Mr Cameron said shadow chancellor Ed Balls should put the national interest first rather than questioning whether the £50 billion scheme should go ahead.
In a question to the Prime Minister, Tory MP Andrew Stephenson whose Pudsey constituency is in West Yorkshire, said: “Better rail connections to the south of England are... vital.
“Do you not agree with me it is absolutely outrageous for (Labour) to be challenging HS2 at the current time, putting in jeopardy jobs and investment in the north of England?”
Mr Cameron replied: “You are absolutely right to stand up for your constituents, to stand up for the north of England, because there is a real danger with Labour’s antics that they are letting down the north of England, letting down the Midlands.
“Let me remind the shadow chancellor what he said about these transport investments. He said this: ‘Nowhere is consensus more essential than on our transport infrastructure. Successive governments have ducked or delayed vital decisions on our national infrastructure, allowing short-term politics to get in the way’.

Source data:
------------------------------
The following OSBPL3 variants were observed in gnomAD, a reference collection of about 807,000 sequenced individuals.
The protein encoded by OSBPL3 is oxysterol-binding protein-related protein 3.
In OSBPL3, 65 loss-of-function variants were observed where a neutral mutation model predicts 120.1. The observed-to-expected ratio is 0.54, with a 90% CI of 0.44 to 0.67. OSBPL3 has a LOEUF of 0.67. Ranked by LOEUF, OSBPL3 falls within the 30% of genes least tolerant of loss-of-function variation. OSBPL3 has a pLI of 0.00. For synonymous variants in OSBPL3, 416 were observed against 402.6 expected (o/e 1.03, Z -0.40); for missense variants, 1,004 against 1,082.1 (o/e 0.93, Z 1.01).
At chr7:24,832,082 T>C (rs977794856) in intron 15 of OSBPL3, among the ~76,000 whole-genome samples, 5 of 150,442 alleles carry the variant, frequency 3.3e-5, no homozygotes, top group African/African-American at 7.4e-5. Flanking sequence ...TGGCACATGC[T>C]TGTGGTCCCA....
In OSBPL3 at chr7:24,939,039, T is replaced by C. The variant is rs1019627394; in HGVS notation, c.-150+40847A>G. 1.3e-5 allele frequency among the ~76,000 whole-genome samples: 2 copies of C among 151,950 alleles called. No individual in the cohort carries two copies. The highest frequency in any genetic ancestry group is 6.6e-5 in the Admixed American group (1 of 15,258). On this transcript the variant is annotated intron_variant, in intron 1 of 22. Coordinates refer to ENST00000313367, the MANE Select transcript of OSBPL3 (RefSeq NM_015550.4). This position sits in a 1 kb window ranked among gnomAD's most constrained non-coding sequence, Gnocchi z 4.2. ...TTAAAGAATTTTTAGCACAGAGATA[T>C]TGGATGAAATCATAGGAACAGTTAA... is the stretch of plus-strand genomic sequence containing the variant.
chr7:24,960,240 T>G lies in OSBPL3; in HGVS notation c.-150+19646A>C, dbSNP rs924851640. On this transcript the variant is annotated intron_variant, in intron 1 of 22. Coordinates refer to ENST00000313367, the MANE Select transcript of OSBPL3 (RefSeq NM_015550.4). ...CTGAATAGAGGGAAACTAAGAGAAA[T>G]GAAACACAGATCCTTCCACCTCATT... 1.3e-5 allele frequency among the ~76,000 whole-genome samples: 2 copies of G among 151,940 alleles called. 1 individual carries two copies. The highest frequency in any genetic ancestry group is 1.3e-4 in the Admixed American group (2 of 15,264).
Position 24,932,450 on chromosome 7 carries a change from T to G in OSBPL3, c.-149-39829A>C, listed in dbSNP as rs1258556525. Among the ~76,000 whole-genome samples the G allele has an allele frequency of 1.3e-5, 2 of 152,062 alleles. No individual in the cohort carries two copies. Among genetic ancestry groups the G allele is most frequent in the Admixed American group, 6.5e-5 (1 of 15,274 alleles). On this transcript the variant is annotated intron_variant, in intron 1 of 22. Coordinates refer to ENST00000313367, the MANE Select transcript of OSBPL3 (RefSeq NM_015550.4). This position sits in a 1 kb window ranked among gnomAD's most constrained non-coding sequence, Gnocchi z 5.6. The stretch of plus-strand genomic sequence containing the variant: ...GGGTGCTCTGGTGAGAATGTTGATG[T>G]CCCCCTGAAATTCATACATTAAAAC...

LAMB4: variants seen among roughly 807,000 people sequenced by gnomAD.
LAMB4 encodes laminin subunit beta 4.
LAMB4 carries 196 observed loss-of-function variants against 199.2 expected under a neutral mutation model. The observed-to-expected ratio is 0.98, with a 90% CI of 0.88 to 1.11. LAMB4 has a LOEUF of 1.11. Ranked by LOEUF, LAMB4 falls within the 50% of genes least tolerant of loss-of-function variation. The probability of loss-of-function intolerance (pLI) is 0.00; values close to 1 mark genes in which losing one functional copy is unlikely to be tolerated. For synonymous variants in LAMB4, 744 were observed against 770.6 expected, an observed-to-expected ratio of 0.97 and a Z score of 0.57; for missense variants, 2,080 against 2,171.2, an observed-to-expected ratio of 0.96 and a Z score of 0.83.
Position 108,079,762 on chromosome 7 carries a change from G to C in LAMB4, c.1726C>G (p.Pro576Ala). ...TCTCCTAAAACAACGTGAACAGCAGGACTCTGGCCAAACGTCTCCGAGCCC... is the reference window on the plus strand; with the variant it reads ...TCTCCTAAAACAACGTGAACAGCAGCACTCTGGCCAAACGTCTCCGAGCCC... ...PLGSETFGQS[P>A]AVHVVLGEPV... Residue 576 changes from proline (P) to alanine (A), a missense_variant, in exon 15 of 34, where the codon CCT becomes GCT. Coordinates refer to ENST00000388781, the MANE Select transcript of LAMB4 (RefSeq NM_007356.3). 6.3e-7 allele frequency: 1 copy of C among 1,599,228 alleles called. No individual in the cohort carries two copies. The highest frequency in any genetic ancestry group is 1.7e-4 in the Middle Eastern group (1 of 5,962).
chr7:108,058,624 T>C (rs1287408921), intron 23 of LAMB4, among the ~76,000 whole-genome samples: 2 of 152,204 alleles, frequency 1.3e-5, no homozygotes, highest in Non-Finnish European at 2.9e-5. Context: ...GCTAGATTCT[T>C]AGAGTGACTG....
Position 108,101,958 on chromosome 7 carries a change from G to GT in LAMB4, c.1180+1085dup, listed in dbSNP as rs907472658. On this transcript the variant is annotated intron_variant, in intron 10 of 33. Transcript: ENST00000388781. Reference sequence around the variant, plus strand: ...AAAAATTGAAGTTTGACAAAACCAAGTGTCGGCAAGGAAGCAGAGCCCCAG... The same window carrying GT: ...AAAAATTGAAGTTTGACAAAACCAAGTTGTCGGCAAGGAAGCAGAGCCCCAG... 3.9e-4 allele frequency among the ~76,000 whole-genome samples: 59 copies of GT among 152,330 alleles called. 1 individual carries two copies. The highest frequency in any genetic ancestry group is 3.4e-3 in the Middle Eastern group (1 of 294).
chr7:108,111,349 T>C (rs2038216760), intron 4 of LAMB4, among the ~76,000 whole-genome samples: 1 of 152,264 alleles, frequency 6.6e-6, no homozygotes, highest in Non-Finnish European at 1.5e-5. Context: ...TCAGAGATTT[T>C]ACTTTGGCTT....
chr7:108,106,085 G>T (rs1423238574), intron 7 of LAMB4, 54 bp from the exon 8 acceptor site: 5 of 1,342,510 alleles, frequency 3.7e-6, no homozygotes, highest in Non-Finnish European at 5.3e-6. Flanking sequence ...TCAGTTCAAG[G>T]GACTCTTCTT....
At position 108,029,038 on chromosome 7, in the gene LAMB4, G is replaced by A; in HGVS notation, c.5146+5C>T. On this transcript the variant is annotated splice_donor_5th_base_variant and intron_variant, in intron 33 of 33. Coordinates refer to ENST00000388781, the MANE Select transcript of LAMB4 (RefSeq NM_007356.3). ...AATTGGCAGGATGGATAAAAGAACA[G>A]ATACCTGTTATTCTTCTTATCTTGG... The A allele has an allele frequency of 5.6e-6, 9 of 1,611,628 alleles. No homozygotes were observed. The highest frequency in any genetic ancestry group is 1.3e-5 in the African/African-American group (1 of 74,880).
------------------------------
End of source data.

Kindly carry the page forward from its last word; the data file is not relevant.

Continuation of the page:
“By his own words, he is found guilty of short-termism, of petty politicking, rather than looking after the national interest.”
Concerned with the expense of the project, Labour appears to be cooling towards HS2 which will see the scheme’s first phase run from London to Birmingham in 2026, with a second Y-shaped route due to be completed to northern England in 2032/33.
Mr Balls has said it was vital that costs “stacked up” and there are fears that if Labour withdrew its support, the necessary legislation would not be able to make it through Parliament as there are a number of Tory MPs who are opposed to it.
Tomorrow, the High Speed Rail (Preparation) Bill - which will allow the Government to spend money planning the route in detail and buying up property from residents and businesses along the proposed track - will return to the House of Commons for report stage and third reading.
When the Bill was last in the Commons, a number of Tory MPs rebelled against the plans and Mr Cameron has said the scheme requires cross-party support to succeed.
In an exchange with Labour leader Ed Miliband earlier in the Commons, Mr Cameron added: “I tell you what is weak: too weak to stand up and admit their economic failures, too weak to stand up to Len McCluskey, who tried to wreck Scotland’s petrochemical industry. And too weak to stand up to the shadow chancellor (Ed Balls) on HS2.
“Let us just examine what happened with HS2 this week. The shadow chancellor touring the radio studios telling everyone it won’t go ahead, Labour local authority leaders begging you to stand up for this infrastructure scheme.
“What have you done? Cowered in your office, too weak to make a decision. To put it another way, Britain deserves better than this.”